If you're watching this right now, you're probably a liar — about something. It doesn't make you bad. It just makes you human. That's what Dan Ariely, behavioral economist at Duke University and author of the best-seller Predictably Irrational, argues in his new book The (Honest) Truth About Dishonesty: How We Lie to Everyone—Especially Ourselves.
In his book, Ariely describes a series of experiments and studies that undermine a core belief among economists and law enforcement about crime, bad behavior, and cheating. The system tends to believe that people make rational cost-benefit analyses about what they'll gain from outside-the-lines behavior and the potential consequences. And so it follows that the way to forestall bad behavior is to put tough punishments in place. Ariely says that's the wrong way to think about it. "Our behavior is driven by two opposing motivations. On the one hand, we want to view ourselves as honest, honorable people. On the other hand, we want to benefit from cheating and get as much money as possible." Human behavior is the balance between those two forces.
While there is a very small population of sociopaths that cheats all the time, most people tend to cheat just a little bit. At the core of his book lies a study that he repeated in different iterations with college students. They were asked to solve simple math problems, but given a short amount of time to do them. They were told they'd get a certain amount of money for each correct answer. Some students were asked to put the tests in a paper shredder after they finished and then report the number of problems they completed correctly. When Ariely looked into the shredder bin (he lied about actually shredding the paper), he found that students routinely over-reported the number of answers they solved correctly. "If you look across all our experiments, about 30,000 people, a handful cheated in a big way, and 18,000 cheated" in much smaller ways.
The (Honest) Truth About Dishonesty contains plenty of other great insights. People are much less squeamish about cheating when they can distance themselves from what seems to be immoral behavior. People are much more likely to take a can of coke out of a common refrigerator than they are to take a dollar bill off a plate. Golfers are much less likely to say it's ok to physically move a ball four inches with their hands than they are likely to say it's ok to nudge it with their club — even though both actions are violations of rules.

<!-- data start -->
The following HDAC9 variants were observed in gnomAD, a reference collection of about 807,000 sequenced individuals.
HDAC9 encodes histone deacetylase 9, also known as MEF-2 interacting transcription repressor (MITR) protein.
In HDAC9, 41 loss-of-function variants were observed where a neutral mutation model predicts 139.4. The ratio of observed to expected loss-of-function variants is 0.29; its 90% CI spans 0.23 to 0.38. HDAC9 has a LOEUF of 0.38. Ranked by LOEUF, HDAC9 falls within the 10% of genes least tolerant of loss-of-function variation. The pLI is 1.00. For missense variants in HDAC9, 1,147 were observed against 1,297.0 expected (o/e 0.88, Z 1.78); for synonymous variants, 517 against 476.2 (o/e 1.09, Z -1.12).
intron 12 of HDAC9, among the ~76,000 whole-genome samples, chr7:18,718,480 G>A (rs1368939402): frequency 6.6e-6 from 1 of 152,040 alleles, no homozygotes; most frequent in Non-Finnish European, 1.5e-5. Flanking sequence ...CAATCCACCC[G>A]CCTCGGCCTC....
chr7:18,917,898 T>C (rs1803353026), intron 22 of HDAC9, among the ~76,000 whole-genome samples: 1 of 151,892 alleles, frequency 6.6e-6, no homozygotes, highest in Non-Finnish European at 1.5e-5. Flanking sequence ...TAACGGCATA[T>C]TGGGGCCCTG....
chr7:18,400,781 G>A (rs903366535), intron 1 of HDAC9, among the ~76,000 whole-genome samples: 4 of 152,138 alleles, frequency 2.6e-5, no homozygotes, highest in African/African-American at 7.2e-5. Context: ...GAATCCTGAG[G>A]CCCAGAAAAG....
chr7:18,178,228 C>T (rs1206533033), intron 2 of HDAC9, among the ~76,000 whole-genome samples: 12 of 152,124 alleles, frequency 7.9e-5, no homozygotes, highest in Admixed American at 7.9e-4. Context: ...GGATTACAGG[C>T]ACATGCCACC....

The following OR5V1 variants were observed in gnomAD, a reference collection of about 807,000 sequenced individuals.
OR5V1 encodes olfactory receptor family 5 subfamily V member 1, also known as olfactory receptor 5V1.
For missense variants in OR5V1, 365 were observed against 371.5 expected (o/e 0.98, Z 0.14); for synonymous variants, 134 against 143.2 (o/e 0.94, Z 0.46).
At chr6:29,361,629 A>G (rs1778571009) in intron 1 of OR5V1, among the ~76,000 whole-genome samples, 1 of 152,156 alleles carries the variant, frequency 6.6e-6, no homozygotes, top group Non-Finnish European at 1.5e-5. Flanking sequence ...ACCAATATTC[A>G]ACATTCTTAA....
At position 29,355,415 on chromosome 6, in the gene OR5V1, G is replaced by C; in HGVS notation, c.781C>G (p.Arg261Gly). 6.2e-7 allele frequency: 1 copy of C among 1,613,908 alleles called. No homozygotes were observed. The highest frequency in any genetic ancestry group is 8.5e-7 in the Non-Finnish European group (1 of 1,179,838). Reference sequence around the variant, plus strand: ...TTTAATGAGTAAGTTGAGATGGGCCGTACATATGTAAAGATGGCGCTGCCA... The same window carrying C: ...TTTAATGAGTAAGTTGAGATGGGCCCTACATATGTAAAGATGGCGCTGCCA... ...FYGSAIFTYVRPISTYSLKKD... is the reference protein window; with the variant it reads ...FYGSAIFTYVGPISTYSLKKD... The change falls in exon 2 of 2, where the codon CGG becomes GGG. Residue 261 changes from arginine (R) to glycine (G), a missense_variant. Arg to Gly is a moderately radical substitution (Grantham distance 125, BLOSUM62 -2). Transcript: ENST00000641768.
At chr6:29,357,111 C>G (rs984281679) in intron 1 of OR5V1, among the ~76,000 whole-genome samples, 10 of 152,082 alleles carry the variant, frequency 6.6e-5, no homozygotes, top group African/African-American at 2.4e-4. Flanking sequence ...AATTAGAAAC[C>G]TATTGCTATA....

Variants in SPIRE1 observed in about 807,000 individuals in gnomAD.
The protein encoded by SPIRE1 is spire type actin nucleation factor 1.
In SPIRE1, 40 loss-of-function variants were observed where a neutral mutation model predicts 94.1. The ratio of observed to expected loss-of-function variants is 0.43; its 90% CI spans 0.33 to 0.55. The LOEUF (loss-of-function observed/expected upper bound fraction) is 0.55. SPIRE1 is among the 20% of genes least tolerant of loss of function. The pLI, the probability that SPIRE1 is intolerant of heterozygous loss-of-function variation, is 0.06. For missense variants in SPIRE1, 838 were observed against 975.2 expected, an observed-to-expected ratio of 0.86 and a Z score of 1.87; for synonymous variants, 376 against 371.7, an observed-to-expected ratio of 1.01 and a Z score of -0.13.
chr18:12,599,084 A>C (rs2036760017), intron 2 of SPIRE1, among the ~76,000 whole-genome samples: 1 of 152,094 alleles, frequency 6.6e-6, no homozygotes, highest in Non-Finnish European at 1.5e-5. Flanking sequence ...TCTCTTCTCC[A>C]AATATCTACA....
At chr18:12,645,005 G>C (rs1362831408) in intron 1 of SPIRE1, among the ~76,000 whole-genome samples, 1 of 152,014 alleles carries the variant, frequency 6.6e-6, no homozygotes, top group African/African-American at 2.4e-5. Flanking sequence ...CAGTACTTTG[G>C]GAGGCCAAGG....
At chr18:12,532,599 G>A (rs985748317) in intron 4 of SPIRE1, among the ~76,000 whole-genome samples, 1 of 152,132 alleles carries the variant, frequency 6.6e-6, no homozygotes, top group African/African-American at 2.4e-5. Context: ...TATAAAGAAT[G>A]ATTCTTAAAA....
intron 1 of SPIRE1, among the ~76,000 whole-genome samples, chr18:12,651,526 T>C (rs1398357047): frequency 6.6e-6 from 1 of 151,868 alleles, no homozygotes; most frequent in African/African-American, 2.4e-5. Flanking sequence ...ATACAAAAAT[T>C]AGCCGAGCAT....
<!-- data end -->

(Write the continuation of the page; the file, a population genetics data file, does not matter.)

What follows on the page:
Fatigue seems to play a role. A concept called "depletion" holds that people who are emotionally or physically exhausted are more likely to cheat, whether it's cheating on their diet or cheating on one of Ariely's controlled tests. "You try to resist temptation all day, and you get tired," he said. "So people are prone to cheat more in the evening than in the morning."
In another experiment, Ariely and researchers found that people are more likely to cheat on his mathematical tests when they were wearing fake designer sunglasses. "We take cues from the environment about who we are," he said. "When you wear a set of fake glasses, you think of yourself as slightly more of a cheater. And then you're more likely to take the next step."
There's lots more in the book. Ariely argues that cheating can spread like a virus within organizations — think of Enron, or the many instances of mortgage fraud. When he did a paired, not-so-scientific test, he found that Wall Streeters were more likely to cheat than politicos on the self-reporting mathematical test.
He also notes that cheating and lying is part of life. And it's not always about personal gain. "We routinely don't tell people how they really look and really smell," he notes. People tend to value truthfulness highly, but they also value loyalty. "When other people you care about tend to gain from you being dishonest, you're more likely to be dishonest." In other words, people are more likely to post a positive review about a book written by a friend even if they don't think it is so great.
I've known Ariely for several years. But you can take it from me (honestly) that The (Honest) Truth About Dishonesty is a fun, highly engaging read.
Daniel Gross is economics editor at Yahoo! Finance
Follow him on Twitter @grossdm; email him at firstname.lastname@example.org